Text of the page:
Postpartum Sex - Part 2

As we push to normalize this topic of postpartum sex, we spent some time with Certified Sexual Health Educator, Liz Martin, to bring you some tips to make this easier and more enjoyable. We hear from moms all the time that they struggle with feeling sexy and not wanting to be touched after having a baby, which isn't healthy for anyone. 

A lot of times, we have trouble wanting to bring this up to our doctors. We have our postpartum appointment at six weeks and that's it. There are so many other things going on and if you bring this conversation up about sex, it is brushed off. Having a glass of wine is not the solution to our problem. 

When you think about birthing a baby, positive or not, most moms would agree there is pain associated with birth. We just went through this experience, it is hard for our brain to switch back to thinking of our female parts as pleasurable. Your brain holds onto trauma for a really long time, even with a positive birth experience. Not only are you physically healing after having a baby, but your brain is healing as well. Your brain may need retrained as to what pleasure is. Having a quick moment with your partner that includes a back rub is something that can help remind your brain what feels pleasurable. 

Physical pleasure is a big piece of this too. When we are experiencing any type of physical pleasure, it sends chemicals to your brain to label a certain act as pleasurable. Like when you are nursing your baby or smelling their hair, it sends chemicals to your brain that this act is pleasurable. 

Whether we accept it or not, everything is different with our bodies after we have a baby, especially when it comes to areas of our bodies that may have felt vulnerable before. From a young age, we are taught what the "swimsuit zone” is and what is safe to touch. Through pregnancy and especially after, our bodies are touched in ways we may not be prepared for. It is important to talk through these things with your healthcare provider so you are prepared, especially if you have had sexual trauma in the past. Also, after having a baby, some ways you were touched before may not feel safe or acceptable. It is important to re-establish consent with your partner about what feels good and what you are comfortable with.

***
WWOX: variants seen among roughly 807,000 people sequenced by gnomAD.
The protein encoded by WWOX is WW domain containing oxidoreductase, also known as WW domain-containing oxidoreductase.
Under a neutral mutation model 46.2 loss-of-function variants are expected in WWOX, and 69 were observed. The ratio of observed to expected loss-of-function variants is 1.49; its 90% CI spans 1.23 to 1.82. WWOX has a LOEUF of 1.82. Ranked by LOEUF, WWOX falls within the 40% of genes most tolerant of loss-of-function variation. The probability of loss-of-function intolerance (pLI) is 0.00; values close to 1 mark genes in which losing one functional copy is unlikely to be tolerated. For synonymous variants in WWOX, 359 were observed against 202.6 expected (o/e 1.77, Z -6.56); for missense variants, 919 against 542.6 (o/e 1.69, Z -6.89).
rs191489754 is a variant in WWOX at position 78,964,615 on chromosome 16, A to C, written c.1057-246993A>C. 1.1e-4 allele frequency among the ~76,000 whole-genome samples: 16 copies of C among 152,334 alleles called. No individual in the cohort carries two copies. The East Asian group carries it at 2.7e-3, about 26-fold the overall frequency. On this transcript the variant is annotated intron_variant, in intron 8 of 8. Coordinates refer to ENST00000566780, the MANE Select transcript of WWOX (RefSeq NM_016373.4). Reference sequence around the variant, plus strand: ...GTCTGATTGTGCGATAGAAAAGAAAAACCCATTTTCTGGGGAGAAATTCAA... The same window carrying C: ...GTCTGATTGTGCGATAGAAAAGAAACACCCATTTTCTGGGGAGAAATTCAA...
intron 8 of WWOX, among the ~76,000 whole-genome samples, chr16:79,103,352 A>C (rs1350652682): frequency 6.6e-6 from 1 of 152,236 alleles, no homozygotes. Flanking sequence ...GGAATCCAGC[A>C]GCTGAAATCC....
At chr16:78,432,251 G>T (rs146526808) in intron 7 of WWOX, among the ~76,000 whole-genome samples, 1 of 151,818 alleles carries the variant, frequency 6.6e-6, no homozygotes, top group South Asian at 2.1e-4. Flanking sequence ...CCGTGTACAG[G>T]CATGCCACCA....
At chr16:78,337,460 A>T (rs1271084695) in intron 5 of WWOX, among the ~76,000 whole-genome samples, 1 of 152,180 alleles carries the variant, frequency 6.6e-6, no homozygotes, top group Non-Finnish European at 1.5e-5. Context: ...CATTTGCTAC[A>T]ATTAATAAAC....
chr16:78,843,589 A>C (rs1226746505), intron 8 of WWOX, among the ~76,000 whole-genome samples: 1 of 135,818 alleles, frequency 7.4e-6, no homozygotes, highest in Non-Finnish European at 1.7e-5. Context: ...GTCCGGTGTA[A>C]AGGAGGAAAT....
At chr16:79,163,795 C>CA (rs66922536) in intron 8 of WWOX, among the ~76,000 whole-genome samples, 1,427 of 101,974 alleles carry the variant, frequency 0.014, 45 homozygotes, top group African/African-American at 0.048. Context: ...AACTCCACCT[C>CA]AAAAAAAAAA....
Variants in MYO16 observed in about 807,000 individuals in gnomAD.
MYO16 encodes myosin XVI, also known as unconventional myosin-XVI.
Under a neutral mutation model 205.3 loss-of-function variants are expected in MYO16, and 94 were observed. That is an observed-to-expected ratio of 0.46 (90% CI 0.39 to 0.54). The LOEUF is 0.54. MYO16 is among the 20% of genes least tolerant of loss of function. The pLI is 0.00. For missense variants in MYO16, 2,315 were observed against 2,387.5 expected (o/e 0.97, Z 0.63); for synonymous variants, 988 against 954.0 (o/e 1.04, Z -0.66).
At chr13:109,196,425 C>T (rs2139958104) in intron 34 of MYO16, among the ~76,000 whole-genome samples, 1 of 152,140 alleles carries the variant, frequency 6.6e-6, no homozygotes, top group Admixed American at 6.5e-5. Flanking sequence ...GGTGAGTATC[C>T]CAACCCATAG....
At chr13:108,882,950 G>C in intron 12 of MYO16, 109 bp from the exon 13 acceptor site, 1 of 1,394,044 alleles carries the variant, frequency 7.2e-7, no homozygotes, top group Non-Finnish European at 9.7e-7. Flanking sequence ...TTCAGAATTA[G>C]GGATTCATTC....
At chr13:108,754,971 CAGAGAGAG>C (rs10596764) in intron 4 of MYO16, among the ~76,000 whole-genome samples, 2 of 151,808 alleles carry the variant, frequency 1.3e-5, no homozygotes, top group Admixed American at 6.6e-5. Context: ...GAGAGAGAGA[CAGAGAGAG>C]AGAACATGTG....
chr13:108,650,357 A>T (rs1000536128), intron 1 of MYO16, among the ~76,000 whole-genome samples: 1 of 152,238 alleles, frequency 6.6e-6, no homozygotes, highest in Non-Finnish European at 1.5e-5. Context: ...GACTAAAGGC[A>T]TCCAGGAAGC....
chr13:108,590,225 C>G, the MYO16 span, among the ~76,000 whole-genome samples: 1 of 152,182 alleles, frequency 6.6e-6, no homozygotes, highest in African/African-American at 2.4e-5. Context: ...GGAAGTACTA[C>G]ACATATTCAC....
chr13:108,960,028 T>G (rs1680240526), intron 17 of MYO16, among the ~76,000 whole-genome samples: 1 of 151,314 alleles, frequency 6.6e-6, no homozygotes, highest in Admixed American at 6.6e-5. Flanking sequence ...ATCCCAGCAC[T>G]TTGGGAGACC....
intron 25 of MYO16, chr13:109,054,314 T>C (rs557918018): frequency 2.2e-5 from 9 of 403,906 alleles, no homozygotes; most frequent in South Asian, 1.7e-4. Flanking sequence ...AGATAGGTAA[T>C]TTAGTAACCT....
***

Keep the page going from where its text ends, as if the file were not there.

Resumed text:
If you don't feel comfortable talking to your healthcare provider about this, here are a few tips to help you through it. The first is to establish what your hard "yes’s” and "no's" are. Writing this down and having it there with you can help. If you have connected with a nurse or someone else in the practice besides your OB, you can talk to them. It also might be worth seeking a provider that you feel more comfortable with. 

You also may not feel comfortable talking to your partner about this. First of all, it is important to have this conversation when things are calm. It is also helpful to have a neutral third party involved to help navigate the conversation. You can set the stage for the conversation by saying "I'd like to talk to you about something".

Another thing that is overlooked in the postpartum stage is lubricant. Our hormones are all over the place, whether you are breastfeeding or not. What all of these changes are doing in your body is making sure you don’t have another baby. Lubricant is totally normal! It is only going to enhance your experience and make sure you don't experience pain. Lubricant can also protect the walls of the vagina from tearing as you are healing from childbirth. You can start with a water-based lubricant that is pH-balanced without scent or flavor.

Liz Martin is the Founder of Empower the Talk. She focuses on sexual health in all stages of life. She educates woman about sexual health and pleasure and how to make this a priority for you. Her background is in social work and now she uses that experience as a social worker to help moms make themselves a priority. 

Watch our live conversation below!

Read Postpartum Sex - Part 1